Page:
From Our Archive
Debie Thomas, "What Are You Looking For?" (2020); Dan Clendenin, "Three Days with Jesus" (2017) and "Coming Back for More: Why go to church?" (2014).
This Week's Essay
Michael Fitzpatrick is a parishioner at St. Mark's Episcopal Church in Palo Alto, CA. After growing up in the rural northwest, he served over five years in the U. S. Army as a Chaplain's Assistant, including two deployments to Iraq. After completing his military service, Michael has done graduate work in literature and philosophy. He is now finishing his PhD at Stanford University.
For Sunday January 15, 2023
Lectionary Readings (Revised Common Lectionary, Year A)
1 Corinthians 1:1-9
Almost a decade ago, Dan Clendenin wrote a lectionary essay for today’s readings exploring the question, “Why go to church?” (see the archive links above). Starting from a place of raw honesty about the shortcomings of Christians, Dan puts together a heartfelt and personal expression of reasons he keeps going to church, not least of all because it’s the place God has chosen to show up. This week’s essay serves as a kind of sequel. If Dan was tackling the general question of why go to church, I find myself wrestling with its complement: why go to this church? That is, why should I attend the particular church community in which I find myself?
As you may have already guessed, this question is not on my mind arbitrarily. My wife and I are in the process of changing locales and communities. Moving is always an exhausting and agonizing experience for me, with all the stress of feeling dislocated for weeks on end. I’ve been mentally “moved out” of our beautiful apartment in Palo Alto since Thanksgiving, when the first boxes started getting packed.
For the past five or so years, I’ve been calling St. Mark’s of Palo Alto my home parish, and home it has been. The place where I met Dan Clendenin, the place where I preached my first sermon, the place where I attended early morning Easter Vigils, retreats at the Bishop’s Ranch retreat center, and Conventions at the diocesan gatherings. My closest friends attend that church, and over the past month their grief at the news of my impending departure has been truly humbling. I love the liturgy, the clergy, the music, and most especially, the full-commitment from the congregation that church life is a communal effort, not simply the responsibility of the rector.
As I’m sure Dan felt during his move to Southern California three years ago, I wish I could take St. Mark’s with me. Mentally I know I have an amazing opportunity to discover new parishes and develop new friends, but I’m also worried that the bar has been set so high that I won’t give a new parish a fair chance to be Christ for me.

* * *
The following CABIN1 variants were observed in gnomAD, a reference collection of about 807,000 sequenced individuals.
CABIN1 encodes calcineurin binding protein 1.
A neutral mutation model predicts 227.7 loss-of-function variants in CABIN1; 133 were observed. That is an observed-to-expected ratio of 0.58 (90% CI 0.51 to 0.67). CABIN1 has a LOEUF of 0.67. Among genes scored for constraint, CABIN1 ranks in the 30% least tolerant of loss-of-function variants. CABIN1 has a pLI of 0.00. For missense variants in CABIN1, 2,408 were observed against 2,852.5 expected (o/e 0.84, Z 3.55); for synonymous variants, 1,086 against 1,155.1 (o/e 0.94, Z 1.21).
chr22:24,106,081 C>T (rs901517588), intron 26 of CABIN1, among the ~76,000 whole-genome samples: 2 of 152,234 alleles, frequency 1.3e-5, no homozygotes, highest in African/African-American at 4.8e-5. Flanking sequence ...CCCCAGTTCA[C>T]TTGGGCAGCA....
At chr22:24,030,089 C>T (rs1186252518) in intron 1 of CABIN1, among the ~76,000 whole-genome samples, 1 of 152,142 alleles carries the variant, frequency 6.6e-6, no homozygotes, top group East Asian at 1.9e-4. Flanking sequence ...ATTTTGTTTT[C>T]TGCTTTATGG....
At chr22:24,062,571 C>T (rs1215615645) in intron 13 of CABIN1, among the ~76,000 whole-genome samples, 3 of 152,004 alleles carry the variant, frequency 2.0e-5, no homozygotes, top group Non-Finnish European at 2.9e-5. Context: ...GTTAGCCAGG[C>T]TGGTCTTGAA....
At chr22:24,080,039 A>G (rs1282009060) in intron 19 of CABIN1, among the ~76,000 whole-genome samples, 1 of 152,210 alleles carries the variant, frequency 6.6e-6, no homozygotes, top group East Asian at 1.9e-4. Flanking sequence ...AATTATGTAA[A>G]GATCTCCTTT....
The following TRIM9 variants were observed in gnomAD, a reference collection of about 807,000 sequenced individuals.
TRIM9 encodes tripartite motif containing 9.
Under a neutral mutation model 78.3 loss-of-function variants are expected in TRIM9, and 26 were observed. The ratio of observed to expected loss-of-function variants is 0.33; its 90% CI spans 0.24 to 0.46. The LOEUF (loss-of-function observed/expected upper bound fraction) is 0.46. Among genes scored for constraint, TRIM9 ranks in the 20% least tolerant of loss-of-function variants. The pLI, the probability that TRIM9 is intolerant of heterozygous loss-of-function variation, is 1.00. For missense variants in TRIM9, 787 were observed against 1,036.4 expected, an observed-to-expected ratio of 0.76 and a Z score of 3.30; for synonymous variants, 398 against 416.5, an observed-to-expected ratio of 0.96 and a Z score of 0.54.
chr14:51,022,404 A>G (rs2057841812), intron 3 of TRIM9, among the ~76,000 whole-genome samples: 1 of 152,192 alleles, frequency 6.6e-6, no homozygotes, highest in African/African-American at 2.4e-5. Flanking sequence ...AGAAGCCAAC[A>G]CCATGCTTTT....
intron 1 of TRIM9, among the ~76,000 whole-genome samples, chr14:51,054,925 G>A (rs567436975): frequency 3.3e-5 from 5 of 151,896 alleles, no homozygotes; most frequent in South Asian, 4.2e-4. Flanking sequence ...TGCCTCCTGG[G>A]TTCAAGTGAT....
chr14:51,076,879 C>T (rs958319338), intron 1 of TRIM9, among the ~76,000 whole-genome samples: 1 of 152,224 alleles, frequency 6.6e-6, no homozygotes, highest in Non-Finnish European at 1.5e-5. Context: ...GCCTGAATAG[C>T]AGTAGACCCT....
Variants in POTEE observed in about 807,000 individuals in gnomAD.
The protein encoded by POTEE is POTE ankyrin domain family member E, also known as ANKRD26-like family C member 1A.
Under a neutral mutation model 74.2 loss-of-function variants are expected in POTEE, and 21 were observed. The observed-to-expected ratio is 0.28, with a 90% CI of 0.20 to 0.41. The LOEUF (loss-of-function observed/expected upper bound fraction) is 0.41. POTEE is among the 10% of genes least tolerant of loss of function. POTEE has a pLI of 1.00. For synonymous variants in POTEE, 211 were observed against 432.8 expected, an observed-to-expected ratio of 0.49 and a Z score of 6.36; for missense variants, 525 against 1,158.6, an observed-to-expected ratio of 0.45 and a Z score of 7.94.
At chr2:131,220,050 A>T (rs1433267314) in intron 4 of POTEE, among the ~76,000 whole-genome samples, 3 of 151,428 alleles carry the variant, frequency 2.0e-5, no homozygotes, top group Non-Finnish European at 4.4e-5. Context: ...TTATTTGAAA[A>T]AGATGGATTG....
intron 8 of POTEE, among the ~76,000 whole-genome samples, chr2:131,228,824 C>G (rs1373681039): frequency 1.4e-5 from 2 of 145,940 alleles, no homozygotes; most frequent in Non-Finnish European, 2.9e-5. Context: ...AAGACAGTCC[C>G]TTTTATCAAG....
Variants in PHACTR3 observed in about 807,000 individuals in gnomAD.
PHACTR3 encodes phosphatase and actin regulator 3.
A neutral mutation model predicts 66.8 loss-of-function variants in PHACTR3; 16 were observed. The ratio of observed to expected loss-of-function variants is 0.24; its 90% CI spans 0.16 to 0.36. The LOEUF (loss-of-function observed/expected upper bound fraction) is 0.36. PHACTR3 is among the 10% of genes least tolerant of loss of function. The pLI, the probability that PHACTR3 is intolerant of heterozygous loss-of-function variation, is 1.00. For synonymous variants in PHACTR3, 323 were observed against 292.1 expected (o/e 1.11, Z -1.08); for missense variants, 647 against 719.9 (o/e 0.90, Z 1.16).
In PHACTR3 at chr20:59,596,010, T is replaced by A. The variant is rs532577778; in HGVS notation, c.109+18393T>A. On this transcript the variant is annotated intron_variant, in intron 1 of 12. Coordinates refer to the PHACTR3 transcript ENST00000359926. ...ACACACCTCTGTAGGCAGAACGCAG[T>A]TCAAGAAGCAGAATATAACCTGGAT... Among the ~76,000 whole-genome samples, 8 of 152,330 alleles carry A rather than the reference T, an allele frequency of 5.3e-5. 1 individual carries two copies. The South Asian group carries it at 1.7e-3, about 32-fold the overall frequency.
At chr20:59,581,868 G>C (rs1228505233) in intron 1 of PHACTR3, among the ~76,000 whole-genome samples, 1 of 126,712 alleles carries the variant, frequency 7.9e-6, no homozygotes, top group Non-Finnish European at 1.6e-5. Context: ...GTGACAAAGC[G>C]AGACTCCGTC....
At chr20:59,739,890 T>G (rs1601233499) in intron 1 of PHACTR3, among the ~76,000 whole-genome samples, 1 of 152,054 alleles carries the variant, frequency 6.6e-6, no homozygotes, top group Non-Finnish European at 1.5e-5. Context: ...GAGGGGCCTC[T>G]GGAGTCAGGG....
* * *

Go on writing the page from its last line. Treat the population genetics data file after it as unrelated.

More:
In the coming weeks, as I stand in the sanctuary hearing the liturgies of Word and Sacrament, I’ll be wrestling with these questions, “Why this church? Is here where you’re calling me to be, Lord?” All the anxiety of making the “right” decision will be gripping me Sunday after Sunday.
This context might help explain why our lectionary readings are such comfort to me. The blunt assurance with which Isaiah speaks about God’s provision for Israel, before they even were a people! If God can set aside an entire people to be “a light to the nations, that the salvation of the Lord may reach to the end of the earth,” then surely this same God can plant my feet in the midst of the congregation where I need to minister and be ministered to. We need the voices of the prophets, if only to remind us that God has been calling and directing us since before we were born.
What am I looking for in a church? It seems like such a simple question, yet when you’re as blessed as I have been to be a part of a tremendous parish community, it’s one you really don’t think about much. So the remainder of my essay this week is a thinking out loud about the hope I pray for in the church community that becomes my new home, Lord willing.
The first hope that I pray for is to find a community of Christians that are unashamed to be what they are. I live in the United States, which like many countries is beset with social strife and cultural conflict. As result, a lot of churches I’ve visited make me feel like they’re embarrassed to be following Jesus, reading the Bible, or believing in doctrines like the Incarnation or the Resurrection. Over the years, I’ve had my share of doubts and heterodoxies, disagreements and dissents. Yet I find myself today, in my mid-30's, craving a community where we just do the thing. Not preparing to do the thing, not making space for skepticism about doing the thing, not doing some other thing — just being Christians, embracing the full panoply, richness, and weirdness of our traditions and history.
That doesn’t mean we shouldn’t also be a repenting community for the harm and evils done in Christ’s name; again, see Dan’s essay from nine years ago for a powerful example of this. What it does mean is that we repent for the sake of becoming a healthy, whole Body of Christ. What I crave as I seek out a new local place to join the Body of Christ is exactly what St. Paul describes in our epistle. He gives thanks to God “because of the grace of God that has been given you in Christ Jesus, for in every way you have been enriched in him, in speech and knowledge of every kind — just as the testimony of Christ has been strengthened among you — so that you are not lacking in any spiritual gift as you wait for the revealing of our Lord Jesus Christ.”